13. Sep 25, 2011 #12

    Ivan Seeking

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    No, it is not magnetized, but I couldn't remember if this is definitive for ruling out magnetite.
     
  14. Sep 25, 2011 #13

    Ivan Seeking

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    No doubt, I'm really into virgin territories. :tongue2:

    Seriously though, I've seen what this creek can do when we have a lot of rain. It can trench down six feet into hardpan in a few hours, and move rocks over 80 lbs. After we had a 500 year flood, I found one ~ 500 Lbs tree stump in my pasture! So it's like a little time machine feeding from the hills above and beyond us. That's what motivated me to start looking. And beyond meteorites, gold is another likely find. We have tons of quarts coming in and on our own property - we have collected buckets full of that, tourmaline, agate and other interesting and semi-precious stones. The creek also has lots of black sand, and even blue water at times, both of which can indicate the prsesence of gold.
     
  15. Sep 25, 2011 #14
    I meant to go gold panning up in Julian all summer, but never made it. Anyway, there are a few dozen youtubes on how to pan. It's also a good idea to learn how to recognize a diamond because people are said to find them occasionally when gold panning. As you said, things can get moved very far from their source. There is a known huge diamond field in Canada.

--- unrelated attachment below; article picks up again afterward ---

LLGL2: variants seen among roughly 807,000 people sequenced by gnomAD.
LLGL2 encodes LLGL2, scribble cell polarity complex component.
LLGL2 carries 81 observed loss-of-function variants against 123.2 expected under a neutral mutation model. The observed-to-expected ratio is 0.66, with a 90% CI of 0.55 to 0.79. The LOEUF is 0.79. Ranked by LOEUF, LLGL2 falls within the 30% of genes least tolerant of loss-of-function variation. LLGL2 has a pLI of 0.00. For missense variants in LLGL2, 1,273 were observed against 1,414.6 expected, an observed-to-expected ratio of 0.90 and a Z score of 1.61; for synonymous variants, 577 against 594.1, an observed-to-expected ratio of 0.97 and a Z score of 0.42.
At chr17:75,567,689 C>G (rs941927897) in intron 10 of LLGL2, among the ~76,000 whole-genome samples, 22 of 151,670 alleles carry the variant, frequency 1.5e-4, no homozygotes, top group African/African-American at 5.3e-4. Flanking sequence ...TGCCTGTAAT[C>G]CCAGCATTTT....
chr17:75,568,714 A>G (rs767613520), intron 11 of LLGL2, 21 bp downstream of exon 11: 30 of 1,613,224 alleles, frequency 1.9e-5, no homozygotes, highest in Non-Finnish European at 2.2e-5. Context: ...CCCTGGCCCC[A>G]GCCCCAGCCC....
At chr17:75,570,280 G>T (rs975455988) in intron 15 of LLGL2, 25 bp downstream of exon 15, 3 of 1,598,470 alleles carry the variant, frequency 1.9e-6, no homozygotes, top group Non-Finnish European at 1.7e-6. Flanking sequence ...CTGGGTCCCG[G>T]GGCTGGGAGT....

16. Sep 25, 2011 #15

    Ivan Seeking

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    This area was heavily affected by the Great Missoula floods. So deposits coming directly from as far as Montana, can be found here. Even today one can find huge boulders still standing in the middle of grasslands and farmland, where they were deposted over 10,000 years ago.
     
  17. Sep 25, 2011 #16
    So, considering that, and all the quartz, it is well within the realm of possibility that you might find gold dust, even nuggets. No telling what you might find.
     
  18. Sep 26, 2011 #17

    Ivan Seeking